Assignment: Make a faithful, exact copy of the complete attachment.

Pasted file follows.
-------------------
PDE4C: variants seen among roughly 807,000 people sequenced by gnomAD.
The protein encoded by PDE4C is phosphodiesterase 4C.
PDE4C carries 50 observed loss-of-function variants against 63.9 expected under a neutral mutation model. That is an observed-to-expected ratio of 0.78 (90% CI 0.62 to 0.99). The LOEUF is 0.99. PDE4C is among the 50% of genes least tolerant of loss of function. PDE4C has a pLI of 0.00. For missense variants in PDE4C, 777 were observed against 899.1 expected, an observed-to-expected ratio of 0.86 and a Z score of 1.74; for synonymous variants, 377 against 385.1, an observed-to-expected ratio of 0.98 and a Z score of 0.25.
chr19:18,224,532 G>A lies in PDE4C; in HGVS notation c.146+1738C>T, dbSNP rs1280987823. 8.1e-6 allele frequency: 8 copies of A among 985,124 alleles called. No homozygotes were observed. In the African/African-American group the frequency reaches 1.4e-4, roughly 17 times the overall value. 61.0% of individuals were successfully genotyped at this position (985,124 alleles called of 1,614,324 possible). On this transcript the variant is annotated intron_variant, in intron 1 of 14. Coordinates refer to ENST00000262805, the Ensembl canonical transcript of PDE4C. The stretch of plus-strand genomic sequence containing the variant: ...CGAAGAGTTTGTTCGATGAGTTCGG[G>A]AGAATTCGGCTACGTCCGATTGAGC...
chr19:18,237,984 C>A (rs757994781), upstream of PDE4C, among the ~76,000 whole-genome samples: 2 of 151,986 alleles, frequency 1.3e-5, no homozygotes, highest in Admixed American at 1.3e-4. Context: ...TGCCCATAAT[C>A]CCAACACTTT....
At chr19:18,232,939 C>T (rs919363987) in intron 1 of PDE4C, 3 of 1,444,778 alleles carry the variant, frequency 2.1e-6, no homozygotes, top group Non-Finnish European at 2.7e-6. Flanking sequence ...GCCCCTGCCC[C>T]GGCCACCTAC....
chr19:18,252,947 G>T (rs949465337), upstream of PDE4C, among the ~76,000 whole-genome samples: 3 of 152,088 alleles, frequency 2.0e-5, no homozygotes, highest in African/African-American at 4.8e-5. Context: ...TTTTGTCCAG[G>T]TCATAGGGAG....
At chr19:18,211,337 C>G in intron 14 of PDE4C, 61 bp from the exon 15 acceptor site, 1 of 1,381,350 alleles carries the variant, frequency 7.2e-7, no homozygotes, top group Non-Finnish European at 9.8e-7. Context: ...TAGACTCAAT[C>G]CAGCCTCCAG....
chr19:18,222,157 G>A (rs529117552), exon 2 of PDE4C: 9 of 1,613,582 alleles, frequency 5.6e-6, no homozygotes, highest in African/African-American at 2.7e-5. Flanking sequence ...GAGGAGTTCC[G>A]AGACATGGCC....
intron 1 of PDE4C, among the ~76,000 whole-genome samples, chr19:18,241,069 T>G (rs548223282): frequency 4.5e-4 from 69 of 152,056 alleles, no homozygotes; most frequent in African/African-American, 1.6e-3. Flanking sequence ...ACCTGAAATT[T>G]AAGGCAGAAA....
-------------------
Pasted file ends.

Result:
PDE4C: variants seen among roughly 807,000 people sequenced by gnomAD.
The protein encoded by PDE4C is phosphodiesterase 4C.
PDE4C carries 50 observed loss-of-function variants against 63.9 expected under a neutral mutation model. That is an observed-to-expected ratio of 0.78 (90% CI 0.62 to 0.99). The LOEUF is 0.99. PDE4C is among the 50% of genes least tolerant of loss of function. PDE4C has a pLI of 0.00. For missense variants in PDE4C, 777 were observed against 899.1 expected, an observed-to-expected ratio of 0.86 and a Z score of 1.74; for synonymous variants, 377 against 385.1, an observed-to-expected ratio of 0.98 and a Z score of 0.25.
chr19:18,224,532 G>A lies in PDE4C; in HGVS notation c.146+1738C>T, dbSNP rs1280987823. 8.1e-6 allele frequency: 8 copies of A among 985,124 alleles called. No homozygotes were observed. In the African/African-American group the frequency reaches 1.4e-4, roughly 17 times the overall value. 61.0% of individuals were successfully genotyped at this position (985,124 alleles called of 1,614,324 possible). On this transcript the variant is annotated intron_variant, in intron 1 of 14. Coordinates refer to ENST00000262805, the Ensembl canonical transcript of PDE4C. The stretch of plus-strand genomic sequence containing the variant: ...CGAAGAGTTTGTTCGATGAGTTCGG[G>A]AGAATTCGGCTACGTCCGATTGAGC...
chr19:18,237,984 C>A (rs757994781), upstream of PDE4C, among the ~76,000 whole-genome samples: 2 of 151,986 alleles, frequency 1.3e-5, no homozygotes, highest in Admixed American at 1.3e-4. Context: ...TGCCCATAAT[C>A]CCAACACTTT....
At chr19:18,232,939 C>T (rs919363987) in intron 1 of PDE4C, 3 of 1,444,778 alleles carry the variant, frequency 2.1e-6, no homozygotes, top group Non-Finnish European at 2.7e-6. Flanking sequence ...GCCCCTGCCC[C>T]GGCCACCTAC....
chr19:18,252,947 G>T (rs949465337), upstream of PDE4C, among the ~76,000 whole-genome samples: 3 of 152,088 alleles, frequency 2.0e-5, no homozygotes, highest in African/African-American at 4.8e-5. Context: ...TTTTGTCCAG[G>T]TCATAGGGAG....
At chr19:18,211,337 C>G in intron 14 of PDE4C, 61 bp from the exon 15 acceptor site, 1 of 1,381,350 alleles carries the variant, frequency 7.2e-7, no homozygotes, top group Non-Finnish European at 9.8e-7. Context: ...TAGACTCAAT[C>G]CAGCCTCCAG....
chr19:18,222,157 G>A (rs529117552), exon 2 of PDE4C: 9 of 1,613,582 alleles, frequency 5.6e-6, no homozygotes, highest in African/African-American at 2.7e-5. Flanking sequence ...GAGGAGTTCC[G>A]AGACATGGCC....
intron 1 of PDE4C, among the ~76,000 whole-genome samples, chr19:18,241,069 T>G (rs548223282): frequency 4.5e-4 from 69 of 152,056 alleles, no homozygotes; most frequent in African/African-American, 1.6e-3. Flanking sequence ...ACCTGAAATT[T>G]AAGGCAGAAA....